Greek traditions, the historian Mary Beard has noted, often linked the culmination and fall of tyranny with sexual crimes. What will history make of the reign of Gov. Andrew Cuomo, who in casting himself as a ruler of classical stature fully embraces imperiousness as his modus operandi? One year since his popular daily pandemic briefings began, allegations of sexual harassment and covering up a report on COVID-19 deaths in nursing homes have put the third-term governor in an unfamiliar position. The state assembly has begun an impeachment investigation. New York State’s attorney general has launched her own probe. And many fellow Democrats, at both the state and national levels, have called for him to resign.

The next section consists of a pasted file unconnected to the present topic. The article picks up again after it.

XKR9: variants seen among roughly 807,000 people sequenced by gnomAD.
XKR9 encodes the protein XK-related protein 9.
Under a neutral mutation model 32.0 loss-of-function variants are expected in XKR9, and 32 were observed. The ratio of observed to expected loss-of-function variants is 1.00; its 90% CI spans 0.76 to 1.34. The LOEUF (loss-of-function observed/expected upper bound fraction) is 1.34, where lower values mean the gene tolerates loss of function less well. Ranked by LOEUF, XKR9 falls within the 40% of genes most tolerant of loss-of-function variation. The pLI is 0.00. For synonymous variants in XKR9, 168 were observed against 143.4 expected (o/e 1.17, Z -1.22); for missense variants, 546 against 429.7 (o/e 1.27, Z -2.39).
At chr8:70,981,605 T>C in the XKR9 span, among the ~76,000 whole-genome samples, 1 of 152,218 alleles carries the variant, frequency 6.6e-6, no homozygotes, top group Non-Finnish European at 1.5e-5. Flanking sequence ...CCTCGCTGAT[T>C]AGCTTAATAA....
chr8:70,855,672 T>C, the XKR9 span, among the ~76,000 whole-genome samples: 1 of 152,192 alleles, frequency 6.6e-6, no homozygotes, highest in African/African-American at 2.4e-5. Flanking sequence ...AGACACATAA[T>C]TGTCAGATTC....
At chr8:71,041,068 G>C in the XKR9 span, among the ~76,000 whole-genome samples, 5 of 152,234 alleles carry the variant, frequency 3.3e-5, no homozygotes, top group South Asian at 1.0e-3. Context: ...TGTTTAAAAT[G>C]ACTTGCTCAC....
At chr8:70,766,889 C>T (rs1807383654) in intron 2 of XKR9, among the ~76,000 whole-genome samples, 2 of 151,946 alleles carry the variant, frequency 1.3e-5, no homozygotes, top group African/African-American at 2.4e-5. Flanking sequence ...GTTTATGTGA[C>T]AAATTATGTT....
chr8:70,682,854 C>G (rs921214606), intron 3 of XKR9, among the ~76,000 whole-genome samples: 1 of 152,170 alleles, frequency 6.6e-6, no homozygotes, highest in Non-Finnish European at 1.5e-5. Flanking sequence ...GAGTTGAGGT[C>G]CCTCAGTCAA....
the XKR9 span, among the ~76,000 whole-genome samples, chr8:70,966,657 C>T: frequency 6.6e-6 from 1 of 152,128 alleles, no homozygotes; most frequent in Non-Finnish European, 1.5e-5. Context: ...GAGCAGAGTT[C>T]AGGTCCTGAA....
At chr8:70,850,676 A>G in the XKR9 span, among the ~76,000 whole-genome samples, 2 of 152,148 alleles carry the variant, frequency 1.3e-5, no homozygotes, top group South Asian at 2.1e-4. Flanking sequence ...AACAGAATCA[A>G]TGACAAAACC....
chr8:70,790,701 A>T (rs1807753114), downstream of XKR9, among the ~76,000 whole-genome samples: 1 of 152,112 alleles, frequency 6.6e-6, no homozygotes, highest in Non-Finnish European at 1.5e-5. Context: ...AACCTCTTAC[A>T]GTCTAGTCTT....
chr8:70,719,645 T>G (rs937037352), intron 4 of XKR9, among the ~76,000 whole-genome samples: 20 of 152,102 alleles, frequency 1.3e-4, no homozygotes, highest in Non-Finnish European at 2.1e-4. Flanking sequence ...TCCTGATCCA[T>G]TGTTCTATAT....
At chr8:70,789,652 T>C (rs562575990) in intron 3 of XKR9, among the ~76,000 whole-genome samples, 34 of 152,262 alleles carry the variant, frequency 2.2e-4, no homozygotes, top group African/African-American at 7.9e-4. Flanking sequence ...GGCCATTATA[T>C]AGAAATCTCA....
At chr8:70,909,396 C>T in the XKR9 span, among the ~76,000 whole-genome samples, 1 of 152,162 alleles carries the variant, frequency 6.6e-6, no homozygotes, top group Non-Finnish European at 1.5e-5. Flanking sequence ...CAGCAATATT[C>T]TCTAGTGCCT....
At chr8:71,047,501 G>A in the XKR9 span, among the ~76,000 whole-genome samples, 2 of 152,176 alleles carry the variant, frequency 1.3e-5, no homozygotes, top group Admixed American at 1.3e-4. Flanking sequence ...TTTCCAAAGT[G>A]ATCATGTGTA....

The predominant reaction within New York political circles? It couldn’t happen to a nicer guy. Cuomo has deployed thuggishness so flagrantly for so long that, according to one observer, he has no real friends and no base of support. The prevailing prediction in those same circles? He’s not going anywhere. Indeed, with every day that Cuomo resists calls to step down, it grows more likely that he’ll remain in office through the end of his term. Investigations could actually buy him time, and even if they do uncover wrongdoing, it may still be hard to remove him. Impeachment is a complicated process in New York—“a real schlep,” in the words of one local journalist. And when push comes to shove, fear may outweigh indignation when it comes time to impeach. Even friendless, Cuomo wields real power.